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I have problems to get into Lisp. I assume I miss the correct terms to search for. So I try to "speak in Python".

#!/usr/bin/env python3
foo = 7
backuped_foo = foo

# temporary change the value of foo
foo = 323

# restore the original foo value
foo = backuped_foo

So I would I do this in Emacs Lisp?

EDIT: I am not interested in lexial scoping or other concepts for a solution. I am only interested in an nearly exact technical copy of that python code into Lisp.

This is inspired by another answer:

(setq foo 7)  ;; original value
(setq backuped_foo foo)  ;; remember it for later restore

(setq foo 4373)  ;; temporary value

;; ...
;; do a lot of stuff where a lexical scoope does not help
;; ...


(setq foo backuped_foo)  ;; restore the original value

At the end foo==7 (do not know how to express this in Lisp) so everything is fine. But I am not sure if this is a good and Lisp-like way.

In real I need this to modify a global variable (gc-cons-threshold) while a script (init.el) is running. When the script is finished I need to restore the original value.

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  • 2
    Your answer will work, but it is not the lisp-like way. The lisp-like way to do it is to use a (let ...) statement as shown in the answer from @db48x
    – Tyler
    Oct 15, 2021 at 13:34
  • You can use let to rebind dynamic variables too. Just do (let ((gc-cons-threshhold 9999999)) …)
    – db48x
    Oct 15, 2021 at 14:49
  • But I do not want 300 lines where the ... are.
    – buhtz
    Oct 15, 2021 at 15:11
  • 2
    @buhtz You can use (let ((gc-cons-threshhold 9999999)) (load "my-init.el")). No need to physically have so many lines there.
    – npostavs
    Oct 15, 2021 at 17:37
  • 1
    Or define a function: (defun my-300-lines-of-stuff () …), and then call it inside the let: (let ((gc-cons-threshhold 9999999)) (my-300-lines-of-stuff)).
    – db48x
    Oct 16, 2021 at 1:57

1 Answer 1

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Just use let. Write something like this:

(let ((foo 323))
  …)

Where the ellipsis is, place whatever code you wanted to run with foo set to 323. Once that code finishes, foo will go back to having whatever old value it had; there is no need to manually save it and restore it.

This is called “lexical scope”. Python actually has lexically–scoped variables as well, though perhaps it is not quite as succinct. Consider this code:

foo = 7

def do_something:
  foo = 323
  …

do_something()

When you enter do_something, foo takes on a new value, and that value is restored automatically when do_something returns. In Emacs Lisp, let allows you to do the same thing but without defining a function every time you want to use it.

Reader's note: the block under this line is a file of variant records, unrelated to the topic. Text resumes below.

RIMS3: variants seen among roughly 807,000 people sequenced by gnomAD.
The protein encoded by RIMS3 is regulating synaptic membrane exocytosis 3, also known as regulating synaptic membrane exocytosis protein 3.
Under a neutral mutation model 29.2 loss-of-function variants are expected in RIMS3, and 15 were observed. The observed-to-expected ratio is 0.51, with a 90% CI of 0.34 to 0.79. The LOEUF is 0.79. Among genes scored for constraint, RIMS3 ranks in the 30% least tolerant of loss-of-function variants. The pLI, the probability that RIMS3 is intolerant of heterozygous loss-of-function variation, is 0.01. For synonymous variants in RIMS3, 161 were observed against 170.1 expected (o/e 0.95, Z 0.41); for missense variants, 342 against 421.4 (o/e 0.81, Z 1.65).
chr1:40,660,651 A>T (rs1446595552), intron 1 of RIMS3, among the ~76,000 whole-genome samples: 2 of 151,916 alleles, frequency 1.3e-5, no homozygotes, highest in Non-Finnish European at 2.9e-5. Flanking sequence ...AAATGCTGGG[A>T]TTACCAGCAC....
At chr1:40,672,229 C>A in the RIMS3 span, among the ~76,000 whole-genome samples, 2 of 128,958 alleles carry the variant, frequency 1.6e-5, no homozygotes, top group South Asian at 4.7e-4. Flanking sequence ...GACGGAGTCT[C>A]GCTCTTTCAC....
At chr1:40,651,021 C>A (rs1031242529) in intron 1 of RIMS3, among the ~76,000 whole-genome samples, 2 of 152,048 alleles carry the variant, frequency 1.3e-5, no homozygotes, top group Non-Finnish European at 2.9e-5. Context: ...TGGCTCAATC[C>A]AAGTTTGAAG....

If you want to learn more about the Emacs Lisp language, I recommend reading the manual that is included with Emacs. The keyboard shortcut C-h i will open the Info viewer. It should open to a list of manuals, unless you have recently viewed a specific manual in which case it opens to whatever you were reading before. In the Info viewer, d will take you back to the index, where you can find the manual for Emacs Lisp. The whole manual is worth reading, but you should specifically take a look at chapter 12 Variables, which covers the topic quite thoroughly. chapter 12.10 Scoping Rules for Variable Bindings goes into the details of both dynamic and lexical scoping for variables.

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    Thank you very much for your valuable answer. But it did not answer my question because I am not interested in a concept but just a word-by-word translation from Python to Lisp.
    – buhtz
    Oct 15, 2021 at 12:02
  • 3
    There is no word by word translation between any two different programming languages, they do things in different ways. You have to learn the idioms of each language. You can carry over ideas but they wont be the same. In this case this answer shows the python local way to do this - which is better python than your original - and this maps to the lisp let way. The setq version is a direct copy of your python but it is not idiomatic python or lisp - or any language design since 1970 - use local variables not globals
    – mmmmmm
    Oct 15, 2021 at 12:40
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    It's worth mentioning that the let binding will use dynamic scope if the variable has been declared with defvar or similar.
    – npostavs
    Oct 15, 2021 at 17:33

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